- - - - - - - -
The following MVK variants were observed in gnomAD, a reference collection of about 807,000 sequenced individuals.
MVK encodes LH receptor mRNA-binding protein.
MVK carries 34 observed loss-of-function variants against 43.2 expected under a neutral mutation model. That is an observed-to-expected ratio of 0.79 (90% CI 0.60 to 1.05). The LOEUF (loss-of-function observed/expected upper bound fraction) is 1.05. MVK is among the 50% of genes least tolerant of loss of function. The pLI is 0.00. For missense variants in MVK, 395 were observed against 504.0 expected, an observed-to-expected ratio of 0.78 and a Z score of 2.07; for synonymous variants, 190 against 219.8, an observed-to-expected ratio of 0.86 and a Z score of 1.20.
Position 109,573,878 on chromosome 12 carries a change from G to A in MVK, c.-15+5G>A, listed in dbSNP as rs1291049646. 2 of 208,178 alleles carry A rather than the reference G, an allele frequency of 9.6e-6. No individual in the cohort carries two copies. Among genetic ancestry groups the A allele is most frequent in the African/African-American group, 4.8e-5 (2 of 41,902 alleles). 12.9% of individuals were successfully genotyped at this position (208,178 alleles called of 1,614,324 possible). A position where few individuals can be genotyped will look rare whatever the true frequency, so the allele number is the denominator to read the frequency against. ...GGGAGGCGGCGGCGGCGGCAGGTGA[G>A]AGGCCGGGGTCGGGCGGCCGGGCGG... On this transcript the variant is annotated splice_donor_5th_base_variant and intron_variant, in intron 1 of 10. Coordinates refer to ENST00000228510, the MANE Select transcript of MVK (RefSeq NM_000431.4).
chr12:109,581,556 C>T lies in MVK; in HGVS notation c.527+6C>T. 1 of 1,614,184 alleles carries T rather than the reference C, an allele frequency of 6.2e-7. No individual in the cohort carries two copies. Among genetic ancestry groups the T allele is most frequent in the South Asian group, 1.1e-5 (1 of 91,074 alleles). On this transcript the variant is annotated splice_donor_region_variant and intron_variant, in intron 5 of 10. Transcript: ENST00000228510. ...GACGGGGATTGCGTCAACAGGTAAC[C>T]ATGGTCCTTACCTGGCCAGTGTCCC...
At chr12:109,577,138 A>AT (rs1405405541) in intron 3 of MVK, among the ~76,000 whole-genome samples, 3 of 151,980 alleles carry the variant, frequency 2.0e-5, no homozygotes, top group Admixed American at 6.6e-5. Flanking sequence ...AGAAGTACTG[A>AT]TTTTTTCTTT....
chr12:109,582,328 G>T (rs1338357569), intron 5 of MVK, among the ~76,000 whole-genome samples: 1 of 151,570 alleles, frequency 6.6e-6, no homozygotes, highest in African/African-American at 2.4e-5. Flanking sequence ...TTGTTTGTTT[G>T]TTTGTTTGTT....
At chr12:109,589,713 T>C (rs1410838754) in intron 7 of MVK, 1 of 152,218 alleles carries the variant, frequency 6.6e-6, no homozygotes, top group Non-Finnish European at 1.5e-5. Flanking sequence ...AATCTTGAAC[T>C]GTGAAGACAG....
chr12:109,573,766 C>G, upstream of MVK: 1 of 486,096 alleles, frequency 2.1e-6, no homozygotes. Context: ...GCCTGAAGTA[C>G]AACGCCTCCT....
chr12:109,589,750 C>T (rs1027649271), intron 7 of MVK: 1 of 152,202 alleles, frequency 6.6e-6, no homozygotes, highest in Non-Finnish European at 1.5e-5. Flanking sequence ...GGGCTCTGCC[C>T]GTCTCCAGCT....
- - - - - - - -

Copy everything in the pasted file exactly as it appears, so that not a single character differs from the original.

The following MVK variants were observed in gnomAD, a reference collection of about 807,000 sequenced individuals.
MVK encodes LH receptor mRNA-binding protein.
MVK carries 34 observed loss-of-function variants against 43.2 expected under a neutral mutation model. That is an observed-to-expected ratio of 0.79 (90% CI 0.60 to 1.05). The LOEUF (loss-of-function observed/expected upper bound fraction) is 1.05. MVK is among the 50% of genes least tolerant of loss of function. The pLI is 0.00. For missense variants in MVK, 395 were observed against 504.0 expected, an observed-to-expected ratio of 0.78 and a Z score of 2.07; for synonymous variants, 190 against 219.8, an observed-to-expected ratio of 0.86 and a Z score of 1.20.
Position 109,573,878 on chromosome 12 carries a change from G to A in MVK, c.-15+5G>A, listed in dbSNP as rs1291049646. 2 of 208,178 alleles carry A rather than the reference G, an allele frequency of 9.6e-6. No individual in the cohort carries two copies. Among genetic ancestry groups the A allele is most frequent in the African/African-American group, 4.8e-5 (2 of 41,902 alleles). 12.9% of individuals were successfully genotyped at this position (208,178 alleles called of 1,614,324 possible). A position where few individuals can be genotyped will look rare whatever the true frequency, so the allele number is the denominator to read the frequency against. ...GGGAGGCGGCGGCGGCGGCAGGTGA[G>A]AGGCCGGGGTCGGGCGGCCGGGCGG... On this transcript the variant is annotated splice_donor_5th_base_variant and intron_variant, in intron 1 of 10. Coordinates refer to ENST00000228510, the MANE Select transcript of MVK (RefSeq NM_000431.4).
chr12:109,581,556 C>T lies in MVK; in HGVS notation c.527+6C>T. 1 of 1,614,184 alleles carries T rather than the reference C, an allele frequency of 6.2e-7. No individual in the cohort carries two copies. Among genetic ancestry groups the T allele is most frequent in the South Asian group, 1.1e-5 (1 of 91,074 alleles). On this transcript the variant is annotated splice_donor_region_variant and intron_variant, in intron 5 of 10. Transcript: ENST00000228510. ...GACGGGGATTGCGTCAACAGGTAAC[C>T]ATGGTCCTTACCTGGCCAGTGTCCC...
At chr12:109,577,138 A>AT (rs1405405541) in intron 3 of MVK, among the ~76,000 whole-genome samples, 3 of 151,980 alleles carry the variant, frequency 2.0e-5, no homozygotes, top group Admixed American at 6.6e-5. Flanking sequence ...AGAAGTACTG[A>AT]TTTTTTCTTT....
chr12:109,582,328 G>T (rs1338357569), intron 5 of MVK, among the ~76,000 whole-genome samples: 1 of 151,570 alleles, frequency 6.6e-6, no homozygotes, highest in African/African-American at 2.4e-5. Flanking sequence ...TTGTTTGTTT[G>T]TTTGTTTGTT....
At chr12:109,589,713 T>C (rs1410838754) in intron 7 of MVK, 1 of 152,218 alleles carries the variant, frequency 6.6e-6, no homozygotes, top group Non-Finnish European at 1.5e-5. Flanking sequence ...AATCTTGAAC[T>C]GTGAAGACAG....
chr12:109,573,766 C>G, upstream of MVK: 1 of 486,096 alleles, frequency 2.1e-6, no homozygotes. Context: ...GCCTGAAGTA[C>G]AACGCCTCCT....
chr12:109,589,750 C>T (rs1027649271), intron 7 of MVK: 1 of 152,202 alleles, frequency 6.6e-6, no homozygotes, highest in Non-Finnish European at 1.5e-5. Flanking sequence ...GGGCTCTGCC[C>T]GTCTCCAGCT....